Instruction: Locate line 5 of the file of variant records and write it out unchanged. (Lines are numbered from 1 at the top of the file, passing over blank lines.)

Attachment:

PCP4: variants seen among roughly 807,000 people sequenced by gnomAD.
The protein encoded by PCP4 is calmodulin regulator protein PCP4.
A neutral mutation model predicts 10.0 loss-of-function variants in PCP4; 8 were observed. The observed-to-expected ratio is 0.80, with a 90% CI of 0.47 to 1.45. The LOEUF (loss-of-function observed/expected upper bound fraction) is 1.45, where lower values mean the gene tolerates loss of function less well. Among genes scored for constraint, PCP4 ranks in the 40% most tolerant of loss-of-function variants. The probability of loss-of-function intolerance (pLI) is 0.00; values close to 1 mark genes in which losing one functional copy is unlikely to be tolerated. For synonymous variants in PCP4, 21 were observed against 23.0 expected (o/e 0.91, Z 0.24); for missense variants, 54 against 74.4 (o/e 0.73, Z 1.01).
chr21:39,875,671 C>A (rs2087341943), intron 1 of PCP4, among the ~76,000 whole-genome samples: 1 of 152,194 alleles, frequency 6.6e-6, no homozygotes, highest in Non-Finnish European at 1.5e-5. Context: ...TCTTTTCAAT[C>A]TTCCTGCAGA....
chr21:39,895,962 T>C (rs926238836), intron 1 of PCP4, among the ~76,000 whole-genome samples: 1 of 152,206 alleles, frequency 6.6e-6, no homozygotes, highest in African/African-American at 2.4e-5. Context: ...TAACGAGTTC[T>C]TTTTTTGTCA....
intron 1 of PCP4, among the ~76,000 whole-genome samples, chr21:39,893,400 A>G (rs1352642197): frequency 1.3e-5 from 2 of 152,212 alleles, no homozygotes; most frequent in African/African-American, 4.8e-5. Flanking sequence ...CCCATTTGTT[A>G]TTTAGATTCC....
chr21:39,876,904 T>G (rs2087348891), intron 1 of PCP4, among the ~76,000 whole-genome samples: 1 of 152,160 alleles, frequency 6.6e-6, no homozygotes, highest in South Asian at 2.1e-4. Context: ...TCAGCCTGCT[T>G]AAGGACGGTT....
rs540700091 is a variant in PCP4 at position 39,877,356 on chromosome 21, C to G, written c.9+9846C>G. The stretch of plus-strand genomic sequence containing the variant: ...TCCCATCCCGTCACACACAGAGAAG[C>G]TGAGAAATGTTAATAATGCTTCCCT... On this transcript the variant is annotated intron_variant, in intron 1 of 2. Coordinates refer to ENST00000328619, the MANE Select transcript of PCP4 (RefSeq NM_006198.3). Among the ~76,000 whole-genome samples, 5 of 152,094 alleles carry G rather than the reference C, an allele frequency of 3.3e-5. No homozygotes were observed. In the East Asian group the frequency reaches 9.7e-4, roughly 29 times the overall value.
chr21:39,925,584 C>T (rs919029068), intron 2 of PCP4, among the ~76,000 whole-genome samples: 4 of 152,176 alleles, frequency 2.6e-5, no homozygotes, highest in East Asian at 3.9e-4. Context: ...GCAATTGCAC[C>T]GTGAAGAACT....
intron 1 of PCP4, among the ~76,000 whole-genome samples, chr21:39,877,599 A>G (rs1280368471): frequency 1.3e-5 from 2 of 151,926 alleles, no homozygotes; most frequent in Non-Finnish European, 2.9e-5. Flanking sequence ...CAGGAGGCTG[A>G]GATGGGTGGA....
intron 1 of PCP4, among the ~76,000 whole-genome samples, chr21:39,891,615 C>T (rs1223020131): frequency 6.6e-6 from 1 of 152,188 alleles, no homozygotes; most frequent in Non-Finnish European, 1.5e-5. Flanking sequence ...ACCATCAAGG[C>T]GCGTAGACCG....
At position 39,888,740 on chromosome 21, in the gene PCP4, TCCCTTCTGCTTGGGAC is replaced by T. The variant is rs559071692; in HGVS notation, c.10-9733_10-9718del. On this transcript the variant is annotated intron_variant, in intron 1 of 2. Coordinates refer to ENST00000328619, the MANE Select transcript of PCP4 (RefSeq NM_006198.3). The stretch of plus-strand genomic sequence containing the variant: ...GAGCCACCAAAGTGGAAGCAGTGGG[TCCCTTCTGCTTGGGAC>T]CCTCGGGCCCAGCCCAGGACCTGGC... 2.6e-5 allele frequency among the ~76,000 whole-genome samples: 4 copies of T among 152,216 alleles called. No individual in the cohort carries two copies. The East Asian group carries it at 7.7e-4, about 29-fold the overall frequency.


chr21:39,895,962 T>C (rs926238836), intron 1 of PCP4, among the ~76,000 whole-genome samples: 1 of 152,206 alleles, frequency 6.6e-6, no homozygotes, highest in African/African-American at 2.4e-5. Context: ...TAACGAGTTC[T>C]TTTTTTGTCA....